Leslie plays Bogart’s baby sister, and the main love interest to Eddie Albert, Mary Coster. While she’s an even more innocent country kid than she was in High Sierra, Leslie doesn’t really have a whole lot to work with. Director Ray Enright’s instructions may well have been, “Look cute and fall in love with Eddie Albert. That’s all you need to know.” The role is almost identical to the one that Jane Bryan played in Kid Galahad as the younger sister who gets caught up in danger after falling for simpleton who’s making his way through showbiz. You can read my original post on the film here.

Thank Your Lucky Stars – 1943

tylsleslie

Leslie plays Pat Dixon, an aspiring young song writer who’s willing to do anything to get her music heard by the world. Leslie is a lot of fun in the role, although it’s a bit underwritten. She adds a nice little physical mannerism to Pat in that every time she starts to get a great idea, she tucks her head down and pounds on her temples. It’s also a lot of fun to see her impersonate James Cagney’s “My mother thanks you, my father thanks you. . .” speech from Yankee Doodle Dandy, considering that she’s the one who costarred with him in that film! Unfortunately, Leslie doesn’t appear in Bogart’s brief cameo, but it’s a fun film that you need to see regardless! You can read my original post on the film here.

I Am an American – 1944

iaaaleslie

Leslie plays herself in a blink-and-you’ll-miss-it cameo with several other Hollywood celebs (including Bogart) during a rally to support the war effort. None of her lines are heard, and Leslie is shown for just seconds speaking to a crowd before it cuts to a speech by Dennis Morgan. You can read my original post on the film here.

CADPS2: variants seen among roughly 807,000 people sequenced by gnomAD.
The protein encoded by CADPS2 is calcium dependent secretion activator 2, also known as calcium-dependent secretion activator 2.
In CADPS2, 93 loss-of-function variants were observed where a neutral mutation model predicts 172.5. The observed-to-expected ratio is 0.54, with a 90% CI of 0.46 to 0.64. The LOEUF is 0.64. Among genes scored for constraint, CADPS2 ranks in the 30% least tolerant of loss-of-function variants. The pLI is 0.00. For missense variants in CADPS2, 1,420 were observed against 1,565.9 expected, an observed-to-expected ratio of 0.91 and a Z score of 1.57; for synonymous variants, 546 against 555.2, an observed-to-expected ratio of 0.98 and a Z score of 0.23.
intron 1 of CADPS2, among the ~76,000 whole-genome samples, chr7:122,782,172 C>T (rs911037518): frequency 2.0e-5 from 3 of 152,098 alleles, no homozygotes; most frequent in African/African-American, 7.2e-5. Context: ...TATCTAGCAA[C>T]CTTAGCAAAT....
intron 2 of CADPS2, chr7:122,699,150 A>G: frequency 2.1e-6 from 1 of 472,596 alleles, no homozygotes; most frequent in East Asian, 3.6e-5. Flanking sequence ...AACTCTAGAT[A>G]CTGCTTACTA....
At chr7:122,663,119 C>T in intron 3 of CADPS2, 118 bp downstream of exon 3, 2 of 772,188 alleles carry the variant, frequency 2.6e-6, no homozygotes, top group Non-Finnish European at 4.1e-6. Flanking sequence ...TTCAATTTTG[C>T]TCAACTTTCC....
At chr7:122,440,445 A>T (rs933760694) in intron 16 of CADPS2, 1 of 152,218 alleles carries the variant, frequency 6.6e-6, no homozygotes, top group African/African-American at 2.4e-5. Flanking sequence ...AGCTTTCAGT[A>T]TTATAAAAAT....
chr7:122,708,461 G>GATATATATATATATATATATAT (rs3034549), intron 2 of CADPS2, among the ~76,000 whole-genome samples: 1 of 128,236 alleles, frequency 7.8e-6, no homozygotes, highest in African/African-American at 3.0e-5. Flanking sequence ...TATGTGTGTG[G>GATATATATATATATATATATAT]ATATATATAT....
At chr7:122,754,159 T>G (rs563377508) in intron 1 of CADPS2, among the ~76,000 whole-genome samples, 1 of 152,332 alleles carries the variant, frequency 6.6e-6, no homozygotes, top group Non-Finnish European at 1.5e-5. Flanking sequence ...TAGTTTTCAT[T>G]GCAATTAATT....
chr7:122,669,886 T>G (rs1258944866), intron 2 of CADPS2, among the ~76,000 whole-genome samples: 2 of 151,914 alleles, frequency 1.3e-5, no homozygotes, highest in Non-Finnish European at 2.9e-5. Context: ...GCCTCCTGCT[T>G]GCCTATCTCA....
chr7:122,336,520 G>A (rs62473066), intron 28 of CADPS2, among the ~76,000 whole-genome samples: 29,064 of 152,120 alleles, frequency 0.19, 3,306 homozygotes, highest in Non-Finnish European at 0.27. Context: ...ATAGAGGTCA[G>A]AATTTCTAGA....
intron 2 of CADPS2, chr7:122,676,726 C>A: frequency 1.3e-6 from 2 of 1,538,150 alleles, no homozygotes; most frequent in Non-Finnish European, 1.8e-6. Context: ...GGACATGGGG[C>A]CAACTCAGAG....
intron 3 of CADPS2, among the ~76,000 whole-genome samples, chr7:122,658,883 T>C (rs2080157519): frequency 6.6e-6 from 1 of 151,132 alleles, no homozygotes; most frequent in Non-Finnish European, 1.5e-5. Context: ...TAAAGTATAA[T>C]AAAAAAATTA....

Two Guys from Milwaukee – 1946

tgfmleslie

Leslie plays the manicurist love interest to both Dennis Morgan and Jack Carson, Connie Read, and she’s very good in the role. Yes, she does seem a little shallow to leave Buzz behind for a prince just because he’s a prince. And yes, I’m still not quite sure what the whole psychotherapy dream at the end had to do with making her choice between the two men – but again – plot coherency shouldn’t be at the top of your priorities for enjoying this film. Again, no face time with Bogart during his small cameo, but the film is lots of fun and worth a watch. You can read my original post on the film here.

*The Usual Suspects is an ongoing section of the blog where I highlight some of Bogart’s more regular collaborators. You can read the rest of the write ups here.*